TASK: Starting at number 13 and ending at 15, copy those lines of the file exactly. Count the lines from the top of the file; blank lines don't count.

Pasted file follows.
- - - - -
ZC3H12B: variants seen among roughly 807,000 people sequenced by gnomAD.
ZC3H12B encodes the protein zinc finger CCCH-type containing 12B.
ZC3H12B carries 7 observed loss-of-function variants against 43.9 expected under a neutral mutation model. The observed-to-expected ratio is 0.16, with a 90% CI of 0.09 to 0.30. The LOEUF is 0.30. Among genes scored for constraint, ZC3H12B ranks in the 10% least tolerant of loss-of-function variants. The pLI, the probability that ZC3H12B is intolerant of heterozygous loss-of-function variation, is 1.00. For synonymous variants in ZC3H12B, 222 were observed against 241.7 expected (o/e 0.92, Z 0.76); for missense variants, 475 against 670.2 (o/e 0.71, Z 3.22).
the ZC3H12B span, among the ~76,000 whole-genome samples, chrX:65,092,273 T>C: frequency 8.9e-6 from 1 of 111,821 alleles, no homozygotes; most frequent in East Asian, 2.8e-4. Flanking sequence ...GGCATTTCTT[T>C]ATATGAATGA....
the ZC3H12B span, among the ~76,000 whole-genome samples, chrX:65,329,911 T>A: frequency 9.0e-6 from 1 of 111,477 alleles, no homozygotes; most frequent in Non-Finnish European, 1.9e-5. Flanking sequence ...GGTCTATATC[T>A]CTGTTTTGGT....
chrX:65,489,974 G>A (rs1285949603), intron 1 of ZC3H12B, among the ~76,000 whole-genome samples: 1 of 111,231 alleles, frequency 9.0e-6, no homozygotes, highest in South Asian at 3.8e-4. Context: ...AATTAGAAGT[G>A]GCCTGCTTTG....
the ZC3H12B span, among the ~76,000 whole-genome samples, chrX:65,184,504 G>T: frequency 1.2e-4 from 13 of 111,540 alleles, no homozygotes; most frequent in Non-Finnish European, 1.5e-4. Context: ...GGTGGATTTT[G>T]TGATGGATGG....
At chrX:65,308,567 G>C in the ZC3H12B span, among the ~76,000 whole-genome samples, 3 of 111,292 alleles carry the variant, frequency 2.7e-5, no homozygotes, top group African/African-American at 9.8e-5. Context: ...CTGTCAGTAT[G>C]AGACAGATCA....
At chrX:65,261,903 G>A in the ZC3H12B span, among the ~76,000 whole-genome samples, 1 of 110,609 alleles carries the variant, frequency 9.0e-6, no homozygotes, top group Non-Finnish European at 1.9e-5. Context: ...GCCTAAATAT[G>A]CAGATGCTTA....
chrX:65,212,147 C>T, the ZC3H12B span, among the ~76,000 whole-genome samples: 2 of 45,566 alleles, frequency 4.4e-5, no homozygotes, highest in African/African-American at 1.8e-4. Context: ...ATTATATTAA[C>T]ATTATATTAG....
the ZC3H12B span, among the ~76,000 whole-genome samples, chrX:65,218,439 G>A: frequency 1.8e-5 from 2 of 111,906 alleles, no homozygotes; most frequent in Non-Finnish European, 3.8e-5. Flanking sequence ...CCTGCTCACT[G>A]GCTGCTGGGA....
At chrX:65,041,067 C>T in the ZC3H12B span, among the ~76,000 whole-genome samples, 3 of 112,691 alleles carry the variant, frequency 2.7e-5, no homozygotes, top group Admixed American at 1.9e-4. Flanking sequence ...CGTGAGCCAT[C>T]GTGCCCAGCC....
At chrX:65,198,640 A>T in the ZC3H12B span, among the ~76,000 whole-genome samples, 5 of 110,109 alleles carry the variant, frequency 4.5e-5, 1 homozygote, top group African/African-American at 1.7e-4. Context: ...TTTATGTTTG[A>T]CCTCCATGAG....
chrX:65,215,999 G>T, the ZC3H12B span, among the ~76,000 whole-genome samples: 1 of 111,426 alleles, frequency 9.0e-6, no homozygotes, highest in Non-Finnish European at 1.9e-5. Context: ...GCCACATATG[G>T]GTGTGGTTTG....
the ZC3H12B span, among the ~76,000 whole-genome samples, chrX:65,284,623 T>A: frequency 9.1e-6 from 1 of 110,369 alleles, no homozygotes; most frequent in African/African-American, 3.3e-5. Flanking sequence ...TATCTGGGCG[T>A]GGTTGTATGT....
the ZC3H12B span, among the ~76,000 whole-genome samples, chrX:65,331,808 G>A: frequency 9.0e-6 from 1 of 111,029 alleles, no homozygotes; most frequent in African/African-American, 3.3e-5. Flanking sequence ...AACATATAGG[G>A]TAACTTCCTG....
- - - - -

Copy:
At chrX:65,198,640 A>T in the ZC3H12B span, among the ~76,000 whole-genome samples, 5 of 110,109 alleles carry the variant, frequency 4.5e-5, 1 homozygote, top group African/African-American at 1.7e-4. Context: ...TTTATGTTTG[A>T]CCTCCATGAG....
chrX:65,215,999 G>T, the ZC3H12B span, among the ~76,000 whole-genome samples: 1 of 111,426 alleles, frequency 9.0e-6, no homozygotes, highest in Non-Finnish European at 1.9e-5. Context: ...GCCACATATG[G>T]GTGTGGTTTG....
the ZC3H12B span, among the ~76,000 whole-genome samples, chrX:65,284,623 T>A: frequency 9.1e-6 from 1 of 110,369 alleles, no homozygotes; most frequent in African/African-American, 3.3e-5. Flanking sequence ...TATCTGGGCG[T>A]GGTTGTATGT....